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The Great Divide

May 15, 2014

When a movie comes out based on a book I’ve read, I tend to watch it out of curiosity. How did they change the plot, were the characters portrayed differently, which subplots didn’t make the cut? What shouldn’t have been changed? It’s an accepted and necessary practice to alter a storyline to better suit the onscreen medium, for the meat of a novel can hardly fit into a two-hour window.

But why is it I have little desire to read a book if I’ve already seen its movie?

Case in point: Fight Club. One of my favorite films and author success stories of all time, yet I’ve never read the book nor had much desire to. After some deliberation I’ve concluded the reason (I’ve been giving myself) is I already know the story. I don’t want to invest the time reading a novel whose outcome is preordained.

While this is clearly BS, let’s look at it a little closer. Having seen the movie first I am accepting it as the original story because the experience touched me in a certain way. I don’t feel the book has anything more to offer, or perhaps I don’t want my experience of the movie to be altered by a different version. In either case I’m drawing a substantial line between the two stories: they exist separately of each other.

Now, the modern storytelling trend is based on the idea of convergence, specifically as related to media. Old and new technologies are being used simultaneously to access a broad range of content and experiences, making it necessary to spread a story across the digital realm in all its manifestations. Films, animations, video games, online fan fiction… in each site the story must build on itself so as to keep visitors engaged.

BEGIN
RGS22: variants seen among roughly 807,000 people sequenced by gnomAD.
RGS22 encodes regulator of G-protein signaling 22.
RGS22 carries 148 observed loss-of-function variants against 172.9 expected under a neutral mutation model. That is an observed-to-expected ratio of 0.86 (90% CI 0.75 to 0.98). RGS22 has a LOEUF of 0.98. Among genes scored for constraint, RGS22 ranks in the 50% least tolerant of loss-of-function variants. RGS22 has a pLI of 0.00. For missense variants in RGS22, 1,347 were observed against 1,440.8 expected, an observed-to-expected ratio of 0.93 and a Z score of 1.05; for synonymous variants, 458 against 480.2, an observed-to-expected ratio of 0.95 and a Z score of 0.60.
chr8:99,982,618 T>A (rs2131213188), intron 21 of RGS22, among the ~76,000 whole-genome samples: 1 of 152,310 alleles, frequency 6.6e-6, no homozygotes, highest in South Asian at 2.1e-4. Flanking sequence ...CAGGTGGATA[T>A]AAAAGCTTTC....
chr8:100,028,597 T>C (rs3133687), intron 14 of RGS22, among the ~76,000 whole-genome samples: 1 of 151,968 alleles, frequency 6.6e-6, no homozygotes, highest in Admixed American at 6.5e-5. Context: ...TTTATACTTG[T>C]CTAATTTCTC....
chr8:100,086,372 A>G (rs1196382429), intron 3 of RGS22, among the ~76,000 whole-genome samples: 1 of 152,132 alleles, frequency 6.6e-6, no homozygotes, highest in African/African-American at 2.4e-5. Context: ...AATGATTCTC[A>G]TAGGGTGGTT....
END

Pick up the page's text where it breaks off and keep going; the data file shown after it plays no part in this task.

A notable movie to spread its story beyond the theater was The Matrix. A series of animations and several video games fill gaps between the first and subsequent movies – and continue the story beyond the end of episode three. The Wachowski duo have been accused of asking too much of their audience, but they may have simply been ahead of their time. Today fans of Harry Potter, for example, can visit websites and create their own characters in Hogwarts universes that interact with other wizard enthusiasts around the globe. They can write and e-publish their own fan fiction (not for profit, of course).

These fantasy worlds are surviving beyond their film release because the interactive nature of modern media allows their stories to grow through audience participation. Like the transition from the printed page to the screen, it’s accepted and necessary to alter the storylines to suit the medium. Who cares if details are askew in a young fan’s rendition of Hogwarts? What’s the harm in using your imagination?

Still, I wonder. How many kids are going to read the books if they’re exposed to the movies first? How many kids are going to miss the journey through the novel, that long ride that builds a character into an ally, a trusted confidant, a friend? How many kids are going to cry over a hero’s death (as seldom as it happens anymore) when they can turn around and resurrect him in a video game?

The written word deserves its place in our convergence culture. Whether e-published, accessed via an audiobook, or printed on old fashioned paper, written stories contain details no films or video games have yet to equal, and never may. They’re different forms of storytelling and should be accepted as such.

But if you’ve read this far you’re probably already converted.

Anyone have a copy of Fight Club I can read?

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